Trails for everyone, forever
There’s no need to make your first few camping trips with your family multi-day extravaganzas. Instead, start with something simple, find your camping rhythm and enjoy the small break from your daily routine. Youth educator and mom Hilary L. Benson shared a few tips to help you get out with your family this camping season.
Youth educator and mom Hilary L. Benson shared a few tips with WTA to help you get out with your family this camping season.
As a family with two young sons, ages 3 and 7, we have made it a goal to get out into nature for a few weekends each summer. The number one tip we’ve learned from past adventures is to start small and not be overly ambitious.
There’s no need to make your first few camping trips with your family multi-day extravaganzas. Instead, start with something simple, find your camping rhythm and enjoy the small break from your daily routine.
Our first adventure of the year occurred on May 1 and we have plans to head out the last weekend of September as well. Take advantage of the Pacific Northwest summer! With such a mild spring, our family’s camping season will be nearly five months long!
If your weekends are busy with activities like most families these days, head out midday on Friday with a plan to return midday Saturday. It’s a great way to make your weekend feel extra-long.
Rainy and gray days in March are the perfect time to dream of summer evenings in the outdoors. Once school is out, summer can fill up quickly. If you put a few camping dates on the calendar in the spring, it won’t be as stressful trying to shoehorn a trip into an already crowded schedule. Plus, if you’re planning on car camping, advance reservations made in the spring often alleviate the stress of finding a site the day of.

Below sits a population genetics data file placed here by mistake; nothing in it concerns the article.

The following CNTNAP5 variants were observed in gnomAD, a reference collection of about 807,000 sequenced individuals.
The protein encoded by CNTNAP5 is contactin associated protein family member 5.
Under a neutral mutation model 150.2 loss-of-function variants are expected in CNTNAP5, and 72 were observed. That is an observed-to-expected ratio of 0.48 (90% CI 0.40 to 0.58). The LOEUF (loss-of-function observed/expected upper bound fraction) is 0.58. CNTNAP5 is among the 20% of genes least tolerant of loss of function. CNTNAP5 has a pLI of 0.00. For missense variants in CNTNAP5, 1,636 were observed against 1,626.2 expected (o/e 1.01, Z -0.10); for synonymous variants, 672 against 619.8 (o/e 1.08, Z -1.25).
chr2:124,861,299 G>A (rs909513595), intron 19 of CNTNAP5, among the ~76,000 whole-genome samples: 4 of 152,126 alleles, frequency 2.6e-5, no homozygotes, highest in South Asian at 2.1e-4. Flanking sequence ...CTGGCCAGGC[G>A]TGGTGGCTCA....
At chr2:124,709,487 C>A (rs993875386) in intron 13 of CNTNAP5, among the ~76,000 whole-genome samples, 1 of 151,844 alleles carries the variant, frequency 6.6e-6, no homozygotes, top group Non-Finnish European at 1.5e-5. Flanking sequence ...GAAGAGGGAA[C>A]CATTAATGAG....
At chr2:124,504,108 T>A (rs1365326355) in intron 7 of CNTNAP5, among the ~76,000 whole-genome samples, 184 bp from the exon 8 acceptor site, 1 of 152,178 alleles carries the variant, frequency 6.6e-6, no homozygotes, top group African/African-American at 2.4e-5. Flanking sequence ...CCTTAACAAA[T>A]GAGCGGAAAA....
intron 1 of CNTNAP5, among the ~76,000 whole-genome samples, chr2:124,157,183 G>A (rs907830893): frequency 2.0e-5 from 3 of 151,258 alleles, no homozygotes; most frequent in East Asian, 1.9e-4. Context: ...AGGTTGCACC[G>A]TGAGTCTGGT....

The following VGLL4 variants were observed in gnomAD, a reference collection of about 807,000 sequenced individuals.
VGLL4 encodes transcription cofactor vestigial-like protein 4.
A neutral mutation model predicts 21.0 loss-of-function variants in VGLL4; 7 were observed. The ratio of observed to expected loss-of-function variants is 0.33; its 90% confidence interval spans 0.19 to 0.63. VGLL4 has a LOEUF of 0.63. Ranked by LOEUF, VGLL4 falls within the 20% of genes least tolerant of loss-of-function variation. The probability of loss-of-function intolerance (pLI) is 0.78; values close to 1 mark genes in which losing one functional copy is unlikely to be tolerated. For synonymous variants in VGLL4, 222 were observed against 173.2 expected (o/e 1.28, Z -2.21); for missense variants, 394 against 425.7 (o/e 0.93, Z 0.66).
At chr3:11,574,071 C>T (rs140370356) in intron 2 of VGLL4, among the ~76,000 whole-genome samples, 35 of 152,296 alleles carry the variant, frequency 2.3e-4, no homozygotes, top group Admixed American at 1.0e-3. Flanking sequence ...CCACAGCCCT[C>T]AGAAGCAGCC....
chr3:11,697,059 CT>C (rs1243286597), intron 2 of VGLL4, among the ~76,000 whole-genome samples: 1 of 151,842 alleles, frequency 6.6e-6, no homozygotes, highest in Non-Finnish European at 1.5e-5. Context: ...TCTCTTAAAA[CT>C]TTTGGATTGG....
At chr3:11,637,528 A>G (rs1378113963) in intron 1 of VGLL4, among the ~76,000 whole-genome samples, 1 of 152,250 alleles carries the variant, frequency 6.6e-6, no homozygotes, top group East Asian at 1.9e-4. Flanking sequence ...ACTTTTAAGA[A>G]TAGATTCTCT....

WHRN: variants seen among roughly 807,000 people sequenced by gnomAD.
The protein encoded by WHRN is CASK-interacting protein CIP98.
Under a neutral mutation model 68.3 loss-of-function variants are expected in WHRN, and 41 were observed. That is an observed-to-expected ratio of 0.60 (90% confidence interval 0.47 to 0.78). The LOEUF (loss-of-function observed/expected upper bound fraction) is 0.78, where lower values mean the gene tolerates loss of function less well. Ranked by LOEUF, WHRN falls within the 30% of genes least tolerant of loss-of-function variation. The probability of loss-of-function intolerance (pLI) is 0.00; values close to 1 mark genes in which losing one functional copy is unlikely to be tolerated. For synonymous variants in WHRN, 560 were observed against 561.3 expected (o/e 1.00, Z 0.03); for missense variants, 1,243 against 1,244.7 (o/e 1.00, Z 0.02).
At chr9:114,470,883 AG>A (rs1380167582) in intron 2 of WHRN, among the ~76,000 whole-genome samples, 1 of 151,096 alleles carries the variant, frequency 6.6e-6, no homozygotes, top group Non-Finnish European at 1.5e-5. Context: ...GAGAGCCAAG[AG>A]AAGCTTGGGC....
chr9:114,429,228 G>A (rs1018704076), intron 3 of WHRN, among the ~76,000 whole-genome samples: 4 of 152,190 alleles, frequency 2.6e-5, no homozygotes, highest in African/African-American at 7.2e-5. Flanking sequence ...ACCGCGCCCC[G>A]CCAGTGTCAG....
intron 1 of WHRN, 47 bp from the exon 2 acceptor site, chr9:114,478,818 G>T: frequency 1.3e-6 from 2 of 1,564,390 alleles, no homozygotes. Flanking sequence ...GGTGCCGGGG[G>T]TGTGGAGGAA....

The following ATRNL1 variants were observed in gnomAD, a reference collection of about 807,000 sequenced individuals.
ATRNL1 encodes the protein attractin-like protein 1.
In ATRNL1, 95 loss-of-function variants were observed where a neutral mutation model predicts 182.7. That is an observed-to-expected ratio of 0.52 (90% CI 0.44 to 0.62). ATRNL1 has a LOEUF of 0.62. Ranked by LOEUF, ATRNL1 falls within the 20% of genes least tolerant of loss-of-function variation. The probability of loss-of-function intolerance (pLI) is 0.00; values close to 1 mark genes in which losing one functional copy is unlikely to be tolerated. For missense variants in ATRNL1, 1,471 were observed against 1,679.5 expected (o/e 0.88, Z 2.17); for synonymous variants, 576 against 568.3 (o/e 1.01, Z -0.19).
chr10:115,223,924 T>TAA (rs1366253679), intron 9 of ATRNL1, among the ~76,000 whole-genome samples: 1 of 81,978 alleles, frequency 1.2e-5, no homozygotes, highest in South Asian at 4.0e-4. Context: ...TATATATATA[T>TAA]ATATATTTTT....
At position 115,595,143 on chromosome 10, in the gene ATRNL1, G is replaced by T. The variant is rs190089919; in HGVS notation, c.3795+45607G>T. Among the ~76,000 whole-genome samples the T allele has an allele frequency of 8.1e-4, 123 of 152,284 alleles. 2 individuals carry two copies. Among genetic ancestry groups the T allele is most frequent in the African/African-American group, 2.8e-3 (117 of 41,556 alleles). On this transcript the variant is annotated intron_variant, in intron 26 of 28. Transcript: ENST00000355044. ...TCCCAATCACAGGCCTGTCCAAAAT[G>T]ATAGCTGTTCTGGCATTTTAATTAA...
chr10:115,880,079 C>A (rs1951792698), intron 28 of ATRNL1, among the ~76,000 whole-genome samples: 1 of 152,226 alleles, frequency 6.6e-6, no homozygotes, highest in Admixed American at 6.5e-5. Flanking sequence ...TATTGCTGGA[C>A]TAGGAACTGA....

It’s no fun to start off your adventure scrambling to gather all the items you’ll need. A few dedicated bins stocked with your camping equipment will expedite the packing process and help with pre-trip frustrations.
We have a bin for our kitchen items and another for sleeping pads, tarps, stove, fuel, and the tent. All of our camping items are stored in one area of the garage so it’s easy to grab and go.
Our first trip this year was just 5 miles up the road from our house at a local campground. The stakes are lower when you can pop home if your littlest campers aren’t into the experience or if you forget some of the necessities. It’s also a great way to test out your equipment after a winter in the garage and a chance to make lists of items to be purchased or restocked in the camping bins.
Spending all day cooking a multi-course camp dinner can be a blast. However, if you’re just getting started, don’t set the bar too high. Our kids love cooking hot dogs on an open fire (just make sure there isn't a burn ban on when you head out). Combine that with a can of baked beans, some cut up vegetables, and s’mores for dessert and you’ve got a low-stress meal that will make everyone happy.
While we’re always tempted to bring a few toys on our trips, we’ve found that the kids quickly find their own fun once we start making camp. Often times they’re eager to help set up the tent, fill water jugs, or arrange the sleeping bags.
As the kids get older, sketch books, field guides, and binoculars are great ways to further engage them in the experience.
With a little pre-planning and up-front organization, you’ll be able to get out of town for a fun weekend away with your family!